Parking: These Overlooked Real Estate Investments Are Great Choices Today

A smart older real estate investor once told me, “In lean markets, buy raw land and hang onto it. Land can’t burn down. Nobody can steal it. If you’re patient, its value always increases. And you don’t even have to insure it.”

That’s wise advice. Yet undeveloped land isn’t the only smart real estate investment for lean times. Here are some other investing options that can generate self-sustaining income while they increase in value.

Buy rural or suburban land where you can build and operate a self-storage facility until the market strengthens. Self-storage facilities are great “placeholder” businesses that generate income from land until it can be sold at a profit. They are cheap to erect, they don’t require much heating or air conditioning – and they generate good profit per square foot. To learn more, attend the Inside Self-Storage World Expo that will be held from October 5-8 in Washington, D.C.

Buy a modest business located on a piece of land that is appreciating. It could be a grocery that’s adjacent to a mall that is expanding, or a liquor store that’s in an urban area that’s gentrifying. Look for a business that’s profitable enough to cover its expenses (utilities, property taxes) until you sell it. Consider buying a business from owners who are willing to run the business for you until you decide to sell it. It’s a win/win proposition: They get the money from the sale of the business immediately, and you get experienced people who can run the business until you sell it. To learn more, investigate The Art of Buying a Business program from Trump University.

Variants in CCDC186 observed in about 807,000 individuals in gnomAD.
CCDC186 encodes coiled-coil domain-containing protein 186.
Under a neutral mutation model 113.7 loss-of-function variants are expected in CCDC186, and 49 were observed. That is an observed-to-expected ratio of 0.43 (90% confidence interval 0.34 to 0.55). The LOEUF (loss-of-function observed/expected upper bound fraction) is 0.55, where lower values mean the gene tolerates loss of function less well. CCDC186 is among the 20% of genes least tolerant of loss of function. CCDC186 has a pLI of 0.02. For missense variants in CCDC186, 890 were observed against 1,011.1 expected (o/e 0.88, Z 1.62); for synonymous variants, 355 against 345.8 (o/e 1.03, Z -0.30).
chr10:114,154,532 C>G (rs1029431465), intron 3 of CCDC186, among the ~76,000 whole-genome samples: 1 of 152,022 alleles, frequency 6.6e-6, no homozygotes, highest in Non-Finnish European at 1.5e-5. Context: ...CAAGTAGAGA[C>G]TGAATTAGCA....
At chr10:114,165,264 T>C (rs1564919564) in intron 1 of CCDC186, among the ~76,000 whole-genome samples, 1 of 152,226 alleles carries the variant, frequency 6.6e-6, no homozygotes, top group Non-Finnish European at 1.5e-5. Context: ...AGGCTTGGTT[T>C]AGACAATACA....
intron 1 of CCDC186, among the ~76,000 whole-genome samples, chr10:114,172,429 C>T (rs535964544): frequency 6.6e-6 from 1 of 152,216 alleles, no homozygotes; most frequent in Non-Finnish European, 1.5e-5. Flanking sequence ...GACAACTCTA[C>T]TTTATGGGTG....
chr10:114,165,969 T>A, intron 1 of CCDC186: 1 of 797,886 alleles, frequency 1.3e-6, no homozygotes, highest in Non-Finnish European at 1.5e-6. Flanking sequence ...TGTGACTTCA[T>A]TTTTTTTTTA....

Put up a parking lot in an urban setting. Parking facilities generate more income per square foot than most people realize. According to a recent article on Gaebler.com, it is not unreasonable to expect a modest urban parking lot to gross as much as $6,600 a day. If you want to learn more, subscribe to Parking Today Magazine.

Lease vacant retail space and sublease it to Pop-Up stores. Pop-up stores, a hot trend, appear in vacant stores during peak selling months – then close down and disappear. And they are not just Christmas or Halloween shops. This summer, big retail players like Brooks Brothers and Hermès have been opening pop-ups in upscale locations like New York’s post Hamptons. One problem? You’ll probably want to avoid leasing mall space for this purpose, since mall managements generally exert tight control over tenants, signs, hours of operation and more.

Those are only a few good choices for recessionary times. If you know more, please take a moment to make a comment on this blog post. Let’s share our ideas and get ready to make a lot of money when this recession turns around.

by Barry Lenson for The Trump Blog

[trumpuniversity.com]

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